They may not be as ubiquitous as Elm or Main, but more than 900 streets in America are named for Martin Luther King Jr. They range over 42 states from Idaho to Tennessee, with 75 in Georgia alone. Sadly, many of these avenues, marred by vacancy, crime, and disinvestment, are an affront to King’s dream of social justice and equality. According to research at the University of North Texas, neighborhoods containing MLK streets tend to be poorer than surrounding districts, even those with the same racial makeup. Some MLK streets are thriving and cross racial divides, but the same research mostly found segregation: Neighborhoods surrounding MLK streets had, on average, 39 percent more African-American residents than other neighborhoods in the same city.
What’s in a name? Geographer Derek Alderman of the University of Tennessee at Knoxville, who has made a study of the politics of place names, says renaming streets for King is a way to “construct a new geography of public memory.” But such points of pride can backfire. In Athens, Georgia, longtime black residents opposed renaming Reese Street, which they called “an unknown street in a drug-infested area,” after the civil rights leader. “To name any street for King,” writes journalist Jonathan Tilove in his 2003 book on the subject, “is to invite an accounting of how the street makes good on King’s promise, or mocks it.”
In Boston, Martin Luther King Blvd. travels a half mile in Roxbury from Washington Street to Warren Street. A blank vestige of urban renewal, it had little identity before it was named for King. Thus, says state Representative Byron Rushing of Roxbury, “You didn’t have the problem of un-naming anything else.” The boulevard is well-populated with social services, a public school, and the Roxbury YMCA, but Rushing finds it ironic that a street named “for someone who represented community” includes only one building — the 102-unit MLK Towers for elderly residents — where people actually live.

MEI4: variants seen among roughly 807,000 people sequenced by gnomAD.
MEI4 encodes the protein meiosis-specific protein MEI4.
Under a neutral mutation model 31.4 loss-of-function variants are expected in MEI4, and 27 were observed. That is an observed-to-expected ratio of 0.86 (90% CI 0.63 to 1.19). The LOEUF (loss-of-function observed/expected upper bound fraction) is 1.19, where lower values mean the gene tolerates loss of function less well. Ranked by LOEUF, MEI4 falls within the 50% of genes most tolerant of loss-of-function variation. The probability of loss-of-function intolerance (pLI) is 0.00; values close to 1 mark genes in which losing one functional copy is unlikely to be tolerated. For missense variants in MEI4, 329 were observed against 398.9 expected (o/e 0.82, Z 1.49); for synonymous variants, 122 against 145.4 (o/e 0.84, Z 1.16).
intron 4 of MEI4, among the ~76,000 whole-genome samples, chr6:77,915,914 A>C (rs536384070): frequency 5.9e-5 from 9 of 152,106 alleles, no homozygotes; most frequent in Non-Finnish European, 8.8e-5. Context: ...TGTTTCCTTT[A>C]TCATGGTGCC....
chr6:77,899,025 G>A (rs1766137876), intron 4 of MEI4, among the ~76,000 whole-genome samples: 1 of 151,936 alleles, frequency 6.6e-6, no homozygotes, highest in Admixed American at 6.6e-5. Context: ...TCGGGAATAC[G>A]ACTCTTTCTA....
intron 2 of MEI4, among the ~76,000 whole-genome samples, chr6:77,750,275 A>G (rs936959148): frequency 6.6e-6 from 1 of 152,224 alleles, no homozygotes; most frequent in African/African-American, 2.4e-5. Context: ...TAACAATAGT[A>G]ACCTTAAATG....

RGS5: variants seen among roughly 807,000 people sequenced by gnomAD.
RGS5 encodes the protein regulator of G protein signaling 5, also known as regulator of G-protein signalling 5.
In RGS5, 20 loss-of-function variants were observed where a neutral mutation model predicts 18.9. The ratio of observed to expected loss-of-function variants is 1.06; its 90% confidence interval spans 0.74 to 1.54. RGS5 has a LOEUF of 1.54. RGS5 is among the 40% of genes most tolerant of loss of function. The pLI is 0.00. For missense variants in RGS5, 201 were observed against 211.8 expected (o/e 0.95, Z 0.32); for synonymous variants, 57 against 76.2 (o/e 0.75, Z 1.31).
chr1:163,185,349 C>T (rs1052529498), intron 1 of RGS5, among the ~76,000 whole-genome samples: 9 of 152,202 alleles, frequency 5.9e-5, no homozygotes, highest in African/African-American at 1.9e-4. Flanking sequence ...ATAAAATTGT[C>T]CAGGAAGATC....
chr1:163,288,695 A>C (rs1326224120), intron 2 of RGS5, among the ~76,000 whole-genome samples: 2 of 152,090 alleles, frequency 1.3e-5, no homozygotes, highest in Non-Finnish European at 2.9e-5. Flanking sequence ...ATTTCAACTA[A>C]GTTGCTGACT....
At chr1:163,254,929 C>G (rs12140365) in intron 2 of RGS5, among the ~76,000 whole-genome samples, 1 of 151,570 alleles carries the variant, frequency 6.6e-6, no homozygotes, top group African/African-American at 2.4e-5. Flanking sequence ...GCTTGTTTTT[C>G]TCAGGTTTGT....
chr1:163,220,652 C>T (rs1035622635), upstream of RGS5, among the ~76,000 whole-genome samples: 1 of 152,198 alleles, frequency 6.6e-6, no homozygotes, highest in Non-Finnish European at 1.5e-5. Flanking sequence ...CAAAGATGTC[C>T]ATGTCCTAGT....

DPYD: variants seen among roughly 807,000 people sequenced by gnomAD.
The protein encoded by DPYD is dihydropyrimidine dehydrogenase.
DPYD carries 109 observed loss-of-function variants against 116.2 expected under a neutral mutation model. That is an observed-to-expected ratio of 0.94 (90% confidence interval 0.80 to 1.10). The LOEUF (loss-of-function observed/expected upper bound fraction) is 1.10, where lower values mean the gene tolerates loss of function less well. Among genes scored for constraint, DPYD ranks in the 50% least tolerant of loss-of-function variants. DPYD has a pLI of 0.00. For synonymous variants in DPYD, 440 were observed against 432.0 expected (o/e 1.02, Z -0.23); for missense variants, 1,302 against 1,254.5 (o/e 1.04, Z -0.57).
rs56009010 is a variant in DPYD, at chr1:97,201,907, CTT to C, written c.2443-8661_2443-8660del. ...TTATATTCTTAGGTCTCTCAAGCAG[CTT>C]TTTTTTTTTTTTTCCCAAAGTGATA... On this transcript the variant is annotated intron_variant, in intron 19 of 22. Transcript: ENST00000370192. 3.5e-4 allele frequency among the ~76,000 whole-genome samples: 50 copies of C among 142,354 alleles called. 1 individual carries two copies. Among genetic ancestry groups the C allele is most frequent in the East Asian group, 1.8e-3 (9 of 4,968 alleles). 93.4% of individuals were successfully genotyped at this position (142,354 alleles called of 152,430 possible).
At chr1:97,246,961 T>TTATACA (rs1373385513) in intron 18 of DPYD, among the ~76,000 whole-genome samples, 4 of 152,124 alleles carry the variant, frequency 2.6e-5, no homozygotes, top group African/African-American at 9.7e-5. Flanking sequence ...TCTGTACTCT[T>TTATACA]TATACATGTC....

Now, 50 years after the Civil Rights Act, activists and city planners are working to redeem these boulevards of dreams deferred. In St. Louis, a retired postal worker named Melvin White teamed up with a local architecture firm to form Beloved Streets of America, which aims to make MLK streets everywhere into new sites of urban intervention. They have mapped out a plan for long-neglected Martin Luther King Jr. Drive in St. Louis that includes short-term fixes, from ethnic festivals to public art. Eventually they hope for stores, restaurants, and a recreation center.
An architecture studio class offered at Harvard’s Graduate School of Design last fall was called “The MLK Way: Building on Black America’s Main Street.” The instructor, Daniel D’Oca, took his 13 students on field trips to St. Louis and Washington, D.C., where they met community leaders and puzzled how to promote genuine rebirth in these complex places. Their final proposals include plans for urban farming, incentives for small business, housing aimed at young families, and community land trusts to combat — paradoxically — the gentrification and displacement that often comes when conditions improve. “The first thing I try to get people to understand is that cities are consciously designed,” said D’Oca. “Why does MLK Street in St. Louis look the way it does? It was designed to be segregated, to be poor. It was designed to fail.” And something that was designed can be redesigned.
Powerful as they are, monuments to King are still only symbols. We can’t rely on streets or schools or statues to do our remembering for us. It’s in the tough, creative, daily work of scrubbing, funding, voting, and organizing that King’s dreams will be realized — one street at time.
Renée Loth’s column appears regularly in the Globe.